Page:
Friday, December 12, 2008

USF Abortion Controversy Began in 2002

Several blogs and news sites have been reporting on information brought to light on The Catholic Key Blog that the Jesuit-run University of San Francisco includes elective abortion coverage in its mandatory Student Health Insurance Program through Aetna Insurance.


This post is intended to provide some historical context and additional information about USF's longer-term provision of abortion referrals and insurance.

1. Is abortion coverage mandated in California? No.

In 2000, the California Legislature passed the Women's Contraceptive Equity Act which required that all health plans which include a prescription drug benefit must also provide contraceptive coverage. The act did not include abortion coverage and it did provide an exemption for religious employers.

Subsequently, in a highly publicized 2004 case, the California Supreme Court required Catholic Charities agencies in California to comply with the WCEA and provide contraceptive coverage to its employees. The court reasoned that Catholic Charities did not qualify for an exemption because it was not a "religious employer". In adopting a very narrow interpretation of what constituted a religious employer, the Court may have opened the doors to requiring other religious organizations which are not strictly churches to provide contraceptive coverage. The Court's definition of what constitutes a religious employer may very well exclude the University of San Francisco and other Catholic universities and schools.

To my knowledge that has not been tested, but it is a moot point, because neither the legislature nor the Court require abortion coverage in any private health plan - religious or non-religious.

2. Aren't these plans standardized? Isn't abortion coverage automatic? No.

Religious employers in California and elsewhere have followed with keen interest developments in law with regard to mandated benefits. That is because many of them in good conscience do not want to provide certain types of coverage and do not currently provide certain types of coverage.

Insurance providers tailor-fit health plans, within the bounds of local law, to the needs of clients. These needs may be financial or moral. Some employers provide levels of coverage higher or lower than others and some exclude various types of coverage for various reasons.

The Archdiocese of San Francisco, dioceses across the United States and other Catholic institutions do not provide abortion coverage for obvious reasons. Insurance administrators accommodate this.

For instance, Aetna, which provides the Student Health Insurance Plan at USF, also provides the Student Health Insurance Plan at Jesuit-run University of Seattle. At USF, Aetna's plan specifically includes abortion coverage. At Seattle University, Aetna's plan specifically excludes abortion coverage.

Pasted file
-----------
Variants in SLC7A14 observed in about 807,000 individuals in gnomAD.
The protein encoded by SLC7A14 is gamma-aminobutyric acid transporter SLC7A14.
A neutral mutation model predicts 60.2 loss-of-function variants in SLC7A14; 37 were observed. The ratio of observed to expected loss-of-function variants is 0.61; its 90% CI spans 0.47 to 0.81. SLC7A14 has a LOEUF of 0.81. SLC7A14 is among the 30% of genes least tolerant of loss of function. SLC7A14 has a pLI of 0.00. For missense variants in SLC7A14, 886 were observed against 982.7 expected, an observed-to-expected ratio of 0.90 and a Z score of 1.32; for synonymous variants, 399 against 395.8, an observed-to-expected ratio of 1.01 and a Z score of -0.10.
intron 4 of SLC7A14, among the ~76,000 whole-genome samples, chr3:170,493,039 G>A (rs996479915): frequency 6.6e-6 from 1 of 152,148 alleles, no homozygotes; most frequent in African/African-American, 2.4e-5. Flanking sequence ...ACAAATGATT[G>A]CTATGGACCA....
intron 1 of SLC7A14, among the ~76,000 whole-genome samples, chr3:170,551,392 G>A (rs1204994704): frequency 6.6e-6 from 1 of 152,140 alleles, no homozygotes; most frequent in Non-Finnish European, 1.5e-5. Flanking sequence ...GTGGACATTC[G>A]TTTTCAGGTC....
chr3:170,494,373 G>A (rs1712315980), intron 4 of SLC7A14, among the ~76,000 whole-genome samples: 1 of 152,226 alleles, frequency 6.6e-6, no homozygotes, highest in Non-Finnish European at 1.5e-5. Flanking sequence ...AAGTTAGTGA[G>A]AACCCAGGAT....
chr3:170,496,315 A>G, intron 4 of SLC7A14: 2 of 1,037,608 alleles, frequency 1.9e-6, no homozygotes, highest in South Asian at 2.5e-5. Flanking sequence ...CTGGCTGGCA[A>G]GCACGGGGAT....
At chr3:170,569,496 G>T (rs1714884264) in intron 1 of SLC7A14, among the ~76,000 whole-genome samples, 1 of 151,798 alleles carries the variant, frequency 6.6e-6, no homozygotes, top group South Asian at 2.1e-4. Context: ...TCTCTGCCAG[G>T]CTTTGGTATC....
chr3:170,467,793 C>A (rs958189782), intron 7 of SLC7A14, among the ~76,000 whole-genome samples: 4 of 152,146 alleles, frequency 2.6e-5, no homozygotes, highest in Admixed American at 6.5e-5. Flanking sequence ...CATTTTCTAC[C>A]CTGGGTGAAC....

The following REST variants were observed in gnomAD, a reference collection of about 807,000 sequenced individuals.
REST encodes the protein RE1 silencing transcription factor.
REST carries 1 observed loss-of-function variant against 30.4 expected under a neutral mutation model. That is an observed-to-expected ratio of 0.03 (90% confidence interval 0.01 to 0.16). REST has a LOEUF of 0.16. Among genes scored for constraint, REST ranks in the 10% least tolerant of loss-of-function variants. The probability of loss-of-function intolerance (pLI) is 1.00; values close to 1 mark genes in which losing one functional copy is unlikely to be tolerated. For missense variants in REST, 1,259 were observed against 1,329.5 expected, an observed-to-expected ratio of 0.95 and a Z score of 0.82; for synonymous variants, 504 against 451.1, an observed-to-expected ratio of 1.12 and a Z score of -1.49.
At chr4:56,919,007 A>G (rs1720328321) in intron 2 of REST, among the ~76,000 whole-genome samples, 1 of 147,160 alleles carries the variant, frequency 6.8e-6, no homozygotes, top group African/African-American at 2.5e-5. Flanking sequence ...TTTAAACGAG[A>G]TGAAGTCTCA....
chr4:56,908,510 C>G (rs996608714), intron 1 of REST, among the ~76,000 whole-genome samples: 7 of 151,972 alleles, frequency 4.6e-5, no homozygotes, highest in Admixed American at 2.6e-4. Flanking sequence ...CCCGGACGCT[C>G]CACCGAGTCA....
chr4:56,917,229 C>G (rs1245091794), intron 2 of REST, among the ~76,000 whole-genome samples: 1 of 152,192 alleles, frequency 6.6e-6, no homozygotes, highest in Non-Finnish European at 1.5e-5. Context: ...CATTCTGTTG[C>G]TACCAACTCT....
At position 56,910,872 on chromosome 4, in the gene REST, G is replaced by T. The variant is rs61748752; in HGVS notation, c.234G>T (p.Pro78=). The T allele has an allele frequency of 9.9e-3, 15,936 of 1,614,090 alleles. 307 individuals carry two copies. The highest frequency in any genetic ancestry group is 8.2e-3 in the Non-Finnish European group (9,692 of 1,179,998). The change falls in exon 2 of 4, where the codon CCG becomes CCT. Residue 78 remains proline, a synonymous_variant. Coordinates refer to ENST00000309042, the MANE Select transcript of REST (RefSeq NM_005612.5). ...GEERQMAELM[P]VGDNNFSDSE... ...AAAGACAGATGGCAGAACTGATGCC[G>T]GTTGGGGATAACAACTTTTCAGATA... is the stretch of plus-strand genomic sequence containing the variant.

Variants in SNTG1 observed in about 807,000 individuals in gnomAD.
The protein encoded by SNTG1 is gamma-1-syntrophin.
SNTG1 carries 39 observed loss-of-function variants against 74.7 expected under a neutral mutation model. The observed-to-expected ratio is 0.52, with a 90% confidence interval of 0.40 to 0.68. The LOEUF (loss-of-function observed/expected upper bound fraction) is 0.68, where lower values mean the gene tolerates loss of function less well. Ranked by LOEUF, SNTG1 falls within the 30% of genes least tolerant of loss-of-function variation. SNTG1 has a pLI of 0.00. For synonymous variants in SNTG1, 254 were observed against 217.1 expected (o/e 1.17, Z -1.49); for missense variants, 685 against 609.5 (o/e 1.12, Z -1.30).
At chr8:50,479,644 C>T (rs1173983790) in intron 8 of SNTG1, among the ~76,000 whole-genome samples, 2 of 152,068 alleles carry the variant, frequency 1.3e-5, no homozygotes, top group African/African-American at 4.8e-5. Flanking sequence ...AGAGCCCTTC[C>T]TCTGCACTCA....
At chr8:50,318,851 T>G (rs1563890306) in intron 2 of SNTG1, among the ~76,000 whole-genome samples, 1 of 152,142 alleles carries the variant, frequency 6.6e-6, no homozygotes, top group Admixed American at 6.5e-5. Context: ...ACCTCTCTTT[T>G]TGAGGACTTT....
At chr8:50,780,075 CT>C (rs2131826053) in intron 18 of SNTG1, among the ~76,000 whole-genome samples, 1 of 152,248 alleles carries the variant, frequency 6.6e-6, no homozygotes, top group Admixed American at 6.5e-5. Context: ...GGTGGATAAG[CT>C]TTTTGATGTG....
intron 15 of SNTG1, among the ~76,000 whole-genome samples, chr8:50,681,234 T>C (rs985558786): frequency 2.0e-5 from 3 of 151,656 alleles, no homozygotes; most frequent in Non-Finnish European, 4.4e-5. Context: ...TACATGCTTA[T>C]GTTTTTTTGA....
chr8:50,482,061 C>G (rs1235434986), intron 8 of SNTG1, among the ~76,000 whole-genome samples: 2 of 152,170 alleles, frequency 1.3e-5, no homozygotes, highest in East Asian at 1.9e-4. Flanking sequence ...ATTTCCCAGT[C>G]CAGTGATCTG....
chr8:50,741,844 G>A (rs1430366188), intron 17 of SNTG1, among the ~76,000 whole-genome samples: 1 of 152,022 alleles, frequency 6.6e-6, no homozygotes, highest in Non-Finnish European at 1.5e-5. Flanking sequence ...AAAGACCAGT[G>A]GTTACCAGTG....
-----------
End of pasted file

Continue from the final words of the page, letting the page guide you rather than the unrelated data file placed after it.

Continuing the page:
3. Isn't this probably just an unintentional mistake by USF? An oft-repeated mistake if so.

USF is no stranger to this controversy. In 2002, USF was one of a handful of Catholic Universities called to task by the Association of Students at Catholic Colleges for referring students to Planned Parenthood on university websites and at student clinics.

At the time, the Student Health Education Program website at USF referred students to Planned Parenthood under a webpage titled "Pregnancy". They even provided a phone number with the quick-key to make an appointment. The page is still available at the Way Back Machine.

The site recommended Planned Parenthood for "Pregnancy counseling, birth control and family planning, pelvic exams/pap tests, Men’s Health services, HIV/STD testing (7 day return) and counseling, emergency contraception, prenatal counseling, immediate pregnancy testing, primary care, and much more…. "

USF responded to the controversy by taking down the referral information on the "Pregnancy" page and instead viewers got a message that the page "is currently being reviewed," with a suggestion to call a phone number which was the extension of the same administrator who put the referral up in the first place. That employee has since left, but visitors to that page are still told it "is currently under review," now six years later.

USF's Student Health Insurance Plan only became mandatory this Fall, however, the University has offered student health insurance in the past. As early as 2005, USF offered a student plan through BC Life & Health which included coverage for the abortion pill. The policy stated there was a 10% in-plan/30% out-of-plan copay for "Prescription drug for elective abortion (mifepristone)".

USF employees have also received abortion coverage in their health plans since at least 2006. USF's Kaiser Health Plan for employees in 2006 offered "Voluntary termination of pregnancy" for a $15 copayment per procedure.

USF's Blue Cross employee plan in 2006 offered mifepristone and abortion coverage. In that same year, Blue Cross and Kaiser were the same insurers used by the Archdiocese of San Francisco. The Archdiocese' plan however, specifically excluded abortion coverage.

More as the story develops.